Asking your boss for a raise isn't easy and, in many cases, yields poor results. As one Redditor found, it wasn't until he decided to quit his job that a large raise suddenly appeared on the table.
Rebootkid tells his story of how he was worth an extra $US45,000 the moment he decided to leave:
I've tried asking for raises a number of times. I've tried the friendly approach, I've tried the maths approach... (i.e. walking in and saying, I worked out a chance to our process that saves the company $US30k a month, while improving customer satisfaction, how about a raise?)
None of them ever really work well. For nearly a decade I tried every way I possibly could to get a raise in at a company. I'd get some, but never much.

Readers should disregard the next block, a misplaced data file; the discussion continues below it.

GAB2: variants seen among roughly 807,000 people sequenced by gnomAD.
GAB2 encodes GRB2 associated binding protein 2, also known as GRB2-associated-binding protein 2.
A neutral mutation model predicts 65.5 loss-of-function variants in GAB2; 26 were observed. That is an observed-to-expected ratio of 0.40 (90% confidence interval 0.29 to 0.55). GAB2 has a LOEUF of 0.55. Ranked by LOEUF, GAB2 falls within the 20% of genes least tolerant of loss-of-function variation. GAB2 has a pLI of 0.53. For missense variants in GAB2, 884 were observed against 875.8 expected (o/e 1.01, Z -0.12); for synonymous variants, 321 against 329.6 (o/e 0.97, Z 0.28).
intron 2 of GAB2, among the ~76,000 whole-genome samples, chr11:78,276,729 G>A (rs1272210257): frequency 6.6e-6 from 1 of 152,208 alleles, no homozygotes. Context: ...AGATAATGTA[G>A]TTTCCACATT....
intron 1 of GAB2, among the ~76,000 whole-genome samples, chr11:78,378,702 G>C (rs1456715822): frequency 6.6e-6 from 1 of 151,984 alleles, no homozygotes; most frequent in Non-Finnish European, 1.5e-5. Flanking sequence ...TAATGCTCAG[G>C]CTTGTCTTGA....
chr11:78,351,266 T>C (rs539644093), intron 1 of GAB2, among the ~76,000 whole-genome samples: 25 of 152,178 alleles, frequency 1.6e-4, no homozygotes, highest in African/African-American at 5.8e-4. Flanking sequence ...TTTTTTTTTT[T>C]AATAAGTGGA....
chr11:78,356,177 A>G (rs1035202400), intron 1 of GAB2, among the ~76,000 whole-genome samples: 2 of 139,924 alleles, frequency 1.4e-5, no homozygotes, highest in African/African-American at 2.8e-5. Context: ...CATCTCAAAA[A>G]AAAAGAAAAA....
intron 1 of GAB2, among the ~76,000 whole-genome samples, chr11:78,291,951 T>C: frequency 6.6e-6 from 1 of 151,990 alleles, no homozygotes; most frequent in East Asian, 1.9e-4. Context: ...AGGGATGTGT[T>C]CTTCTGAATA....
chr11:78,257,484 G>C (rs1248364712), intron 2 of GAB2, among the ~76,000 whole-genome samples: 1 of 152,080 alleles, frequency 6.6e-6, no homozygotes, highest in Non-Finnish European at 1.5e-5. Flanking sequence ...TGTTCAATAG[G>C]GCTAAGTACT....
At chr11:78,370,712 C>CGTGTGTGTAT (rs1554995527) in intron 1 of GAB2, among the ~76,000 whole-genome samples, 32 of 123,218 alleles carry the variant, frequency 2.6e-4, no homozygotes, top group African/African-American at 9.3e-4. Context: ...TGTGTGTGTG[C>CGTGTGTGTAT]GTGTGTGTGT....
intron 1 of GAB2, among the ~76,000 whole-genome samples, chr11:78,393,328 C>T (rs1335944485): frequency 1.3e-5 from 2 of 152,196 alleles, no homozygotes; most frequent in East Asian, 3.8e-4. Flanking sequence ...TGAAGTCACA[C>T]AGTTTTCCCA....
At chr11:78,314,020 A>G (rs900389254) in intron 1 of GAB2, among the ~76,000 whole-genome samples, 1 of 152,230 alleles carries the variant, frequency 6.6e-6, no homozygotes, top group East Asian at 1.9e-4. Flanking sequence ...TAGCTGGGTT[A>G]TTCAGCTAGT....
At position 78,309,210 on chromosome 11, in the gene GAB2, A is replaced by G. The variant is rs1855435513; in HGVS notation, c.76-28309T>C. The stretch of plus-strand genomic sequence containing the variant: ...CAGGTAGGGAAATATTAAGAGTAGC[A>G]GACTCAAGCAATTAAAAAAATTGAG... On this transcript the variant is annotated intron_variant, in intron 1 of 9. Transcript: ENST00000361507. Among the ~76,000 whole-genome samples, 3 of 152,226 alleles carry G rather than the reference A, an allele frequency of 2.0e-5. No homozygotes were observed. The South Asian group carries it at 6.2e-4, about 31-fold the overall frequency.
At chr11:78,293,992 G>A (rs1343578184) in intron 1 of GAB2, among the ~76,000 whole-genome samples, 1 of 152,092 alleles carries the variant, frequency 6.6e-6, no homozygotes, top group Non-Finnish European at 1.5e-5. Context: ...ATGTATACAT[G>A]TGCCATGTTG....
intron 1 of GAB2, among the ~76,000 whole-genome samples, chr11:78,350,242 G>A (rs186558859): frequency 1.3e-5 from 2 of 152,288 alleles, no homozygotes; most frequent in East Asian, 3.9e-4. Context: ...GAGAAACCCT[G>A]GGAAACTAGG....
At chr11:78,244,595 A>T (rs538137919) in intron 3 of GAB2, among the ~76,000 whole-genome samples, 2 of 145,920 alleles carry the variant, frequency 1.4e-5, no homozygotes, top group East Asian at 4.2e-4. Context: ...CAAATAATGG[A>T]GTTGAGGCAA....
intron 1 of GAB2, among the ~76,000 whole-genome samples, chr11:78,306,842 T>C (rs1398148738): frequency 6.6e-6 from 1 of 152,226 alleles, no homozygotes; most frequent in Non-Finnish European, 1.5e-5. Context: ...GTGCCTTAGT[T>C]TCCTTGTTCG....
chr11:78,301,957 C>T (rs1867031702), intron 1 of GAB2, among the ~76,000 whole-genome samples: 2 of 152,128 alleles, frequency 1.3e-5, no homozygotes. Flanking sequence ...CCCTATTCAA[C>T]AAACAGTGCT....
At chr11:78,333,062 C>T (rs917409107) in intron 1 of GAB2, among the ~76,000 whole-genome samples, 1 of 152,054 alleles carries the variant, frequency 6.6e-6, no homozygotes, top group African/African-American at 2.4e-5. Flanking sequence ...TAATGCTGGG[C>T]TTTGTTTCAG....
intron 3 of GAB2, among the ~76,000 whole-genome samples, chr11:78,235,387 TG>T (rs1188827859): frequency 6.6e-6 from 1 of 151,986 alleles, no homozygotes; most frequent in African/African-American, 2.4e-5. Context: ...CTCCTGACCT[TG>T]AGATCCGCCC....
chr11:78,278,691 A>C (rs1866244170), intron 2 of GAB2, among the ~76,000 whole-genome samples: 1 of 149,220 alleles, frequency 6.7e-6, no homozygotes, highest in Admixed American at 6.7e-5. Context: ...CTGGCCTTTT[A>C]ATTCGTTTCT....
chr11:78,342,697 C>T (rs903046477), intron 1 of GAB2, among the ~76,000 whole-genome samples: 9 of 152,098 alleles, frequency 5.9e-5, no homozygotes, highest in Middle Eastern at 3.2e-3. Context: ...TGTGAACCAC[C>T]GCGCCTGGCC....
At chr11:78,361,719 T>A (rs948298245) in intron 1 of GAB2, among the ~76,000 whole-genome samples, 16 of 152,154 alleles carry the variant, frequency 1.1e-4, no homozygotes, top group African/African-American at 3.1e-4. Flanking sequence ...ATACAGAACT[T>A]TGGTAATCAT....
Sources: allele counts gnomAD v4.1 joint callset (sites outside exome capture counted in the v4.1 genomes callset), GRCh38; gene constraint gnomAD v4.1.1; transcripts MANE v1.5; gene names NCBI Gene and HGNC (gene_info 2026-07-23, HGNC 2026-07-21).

Put in my resignation, and all of a sudden $US45k extra a year was available to retain me. I quit anyways, under the idea that if they didn't value me enough to give me the raises when I asked for them, then clearly they didn't value me enough at all.
It's a risky venture to put your job on the line for raise. That said, if your company feels they can retain you without offering more money they're not going to boost your salary. Hopefully, you won't walk away from your job, but good workers who want to be paid what they're worth are more likely to get what they're after if the company is faced with losing them.
For more tips on asking for a raise, check out our guide.
How to ask your boss for a raise? [Reddit]